In brief

Energy assistance available to low-income Michiganders

LANSING — As colder weather arrives, the Michigan Department of Health and Human Services (MDHHS) is reminding low-income residents they can apply for emergency energy assistance either online or using paper applications.

“MDHHS is making sure that residents who may need assistance to keep their homes heated and the lights on have access to energy assistance applications – whether they want to apply online or using paper forms” said Terrence Beurer, the department’s deputy director for Field Operations Administration. “People who need help paying their energy bills can apply online at or pick up paper applications at their local MDHHS office. Lobby navigators at MDHHS offices and some private agencies that assist with energy assistance can help people apply online. We want residents to have multiple ways to apply so they can keep their families warm.”

Assistance to low-income households is available through State Emergency Relief and the Michigan Energy Assistance Program.

A household that qualifies for State Emergency Relief for heat or non-heat electricity services also qualifies for additional energy services from the Michigan Energy Assistance Program through private agencies that have received MDHHS grant funding.

There are some changes in the application process beginning Oct. 1.

All households applying for energy assistance are now using MDHHS applications. Previously, there were different applications for the Michigan Energy Assistance Program. MDHHS will now process all applications, which will streamline the process and allow grantees to devote more of their resources to helping people become energy self-sufficient.

Beginning Oct. 1, people can apply for energy assistance year-round.

Details: Visit and click on “Assistance Programs” and then “Emergency Relief: Home, Utilities & Burial.” Or contact the local MDHHS office for information. — G.G.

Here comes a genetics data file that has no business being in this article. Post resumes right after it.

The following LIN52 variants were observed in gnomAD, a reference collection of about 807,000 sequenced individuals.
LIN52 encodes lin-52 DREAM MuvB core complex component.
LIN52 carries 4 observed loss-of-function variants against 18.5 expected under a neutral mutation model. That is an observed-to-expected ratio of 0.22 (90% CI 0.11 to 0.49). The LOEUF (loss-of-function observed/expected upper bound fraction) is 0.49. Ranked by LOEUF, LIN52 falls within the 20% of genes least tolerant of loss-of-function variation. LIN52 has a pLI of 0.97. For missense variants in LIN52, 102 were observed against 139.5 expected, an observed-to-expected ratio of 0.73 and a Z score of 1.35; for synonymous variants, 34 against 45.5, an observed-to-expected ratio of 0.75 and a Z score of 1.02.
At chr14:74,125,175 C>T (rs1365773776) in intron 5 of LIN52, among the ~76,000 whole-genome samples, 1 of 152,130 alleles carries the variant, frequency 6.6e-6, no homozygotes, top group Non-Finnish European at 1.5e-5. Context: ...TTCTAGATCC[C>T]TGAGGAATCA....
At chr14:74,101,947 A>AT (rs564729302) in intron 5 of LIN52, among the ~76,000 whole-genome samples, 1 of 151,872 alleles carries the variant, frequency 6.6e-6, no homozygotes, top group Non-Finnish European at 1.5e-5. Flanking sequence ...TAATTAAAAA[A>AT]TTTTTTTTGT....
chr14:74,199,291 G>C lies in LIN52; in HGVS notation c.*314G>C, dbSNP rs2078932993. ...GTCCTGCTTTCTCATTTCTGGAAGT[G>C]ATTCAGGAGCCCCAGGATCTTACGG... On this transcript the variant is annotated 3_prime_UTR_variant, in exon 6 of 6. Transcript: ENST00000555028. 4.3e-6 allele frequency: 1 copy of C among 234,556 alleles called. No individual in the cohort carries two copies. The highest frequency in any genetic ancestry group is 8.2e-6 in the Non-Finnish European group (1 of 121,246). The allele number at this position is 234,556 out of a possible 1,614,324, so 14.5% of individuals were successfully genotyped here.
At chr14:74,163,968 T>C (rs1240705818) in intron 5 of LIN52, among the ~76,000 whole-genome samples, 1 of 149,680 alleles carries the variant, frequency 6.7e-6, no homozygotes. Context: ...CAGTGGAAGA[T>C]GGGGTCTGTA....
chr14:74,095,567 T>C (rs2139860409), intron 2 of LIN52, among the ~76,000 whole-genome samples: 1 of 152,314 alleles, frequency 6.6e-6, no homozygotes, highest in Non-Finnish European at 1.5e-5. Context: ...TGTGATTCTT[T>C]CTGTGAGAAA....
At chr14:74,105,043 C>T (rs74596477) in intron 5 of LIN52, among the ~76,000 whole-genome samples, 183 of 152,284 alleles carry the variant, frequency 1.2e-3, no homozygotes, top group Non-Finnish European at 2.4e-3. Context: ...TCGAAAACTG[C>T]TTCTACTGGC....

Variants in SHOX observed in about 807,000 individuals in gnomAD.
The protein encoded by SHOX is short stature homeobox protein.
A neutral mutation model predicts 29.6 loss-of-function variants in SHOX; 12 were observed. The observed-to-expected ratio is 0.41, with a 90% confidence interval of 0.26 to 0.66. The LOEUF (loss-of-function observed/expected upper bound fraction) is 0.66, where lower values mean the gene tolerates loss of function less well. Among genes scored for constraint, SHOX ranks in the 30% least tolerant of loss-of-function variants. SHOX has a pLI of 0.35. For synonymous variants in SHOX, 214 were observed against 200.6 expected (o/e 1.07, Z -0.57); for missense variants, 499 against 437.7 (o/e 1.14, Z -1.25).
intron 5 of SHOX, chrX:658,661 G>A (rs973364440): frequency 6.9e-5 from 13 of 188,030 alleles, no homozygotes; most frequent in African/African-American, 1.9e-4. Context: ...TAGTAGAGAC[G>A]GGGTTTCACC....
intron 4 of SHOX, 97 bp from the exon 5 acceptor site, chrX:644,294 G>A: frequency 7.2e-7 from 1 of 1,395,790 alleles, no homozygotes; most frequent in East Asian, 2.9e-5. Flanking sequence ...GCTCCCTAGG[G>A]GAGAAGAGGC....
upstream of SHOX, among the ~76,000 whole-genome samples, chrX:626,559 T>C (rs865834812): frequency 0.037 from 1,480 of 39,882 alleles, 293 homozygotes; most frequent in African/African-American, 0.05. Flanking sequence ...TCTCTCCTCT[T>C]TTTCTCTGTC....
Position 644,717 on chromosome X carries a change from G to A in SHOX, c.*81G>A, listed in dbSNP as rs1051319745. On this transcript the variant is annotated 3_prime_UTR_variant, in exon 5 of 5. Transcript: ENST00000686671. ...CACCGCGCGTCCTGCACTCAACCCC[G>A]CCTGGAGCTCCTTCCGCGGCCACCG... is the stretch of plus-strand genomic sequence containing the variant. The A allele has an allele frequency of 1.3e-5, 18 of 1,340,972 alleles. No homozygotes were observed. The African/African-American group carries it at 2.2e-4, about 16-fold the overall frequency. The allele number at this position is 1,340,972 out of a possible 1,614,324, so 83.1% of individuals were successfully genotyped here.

More than 800 organizations partner to complete submissions for grants

LANSING — More than 800 businesses, educators and community organizations have committed to pursuing Marshall Plan for Talent grants, Gov. Rick Snyder announced Thursday. These entities have applied to be considered for the first round of Innovation Grants under the $100 million Marshall Plan for Talent investment.

The first step in the Marshall Plan for Talent Innovation Grant application process – concept summary submissions – closed Sept. 19, generating 88 submissions requesting nearly $90 million in funding. The submission revolves around creating or expanding innovative programs that will see employers and educators engaged in transformative partnerships to prepare students for the realities of the 21st century economy.

Leaders from the automotive, technology and Professional Trades sectors were among those to partner with educational institutions and community organizations.

The next step in the application process, which opens Oct. 9, is for those groups approved to move forward submitting a Talent Agreement. These agreements will detail how each organization will contribute to the success of students. It also includes identifying the high-demand, high-wage careers students will be prepared in.

State leaders said they expect to announce firstround awardees in December.

Details: Visit G.G.

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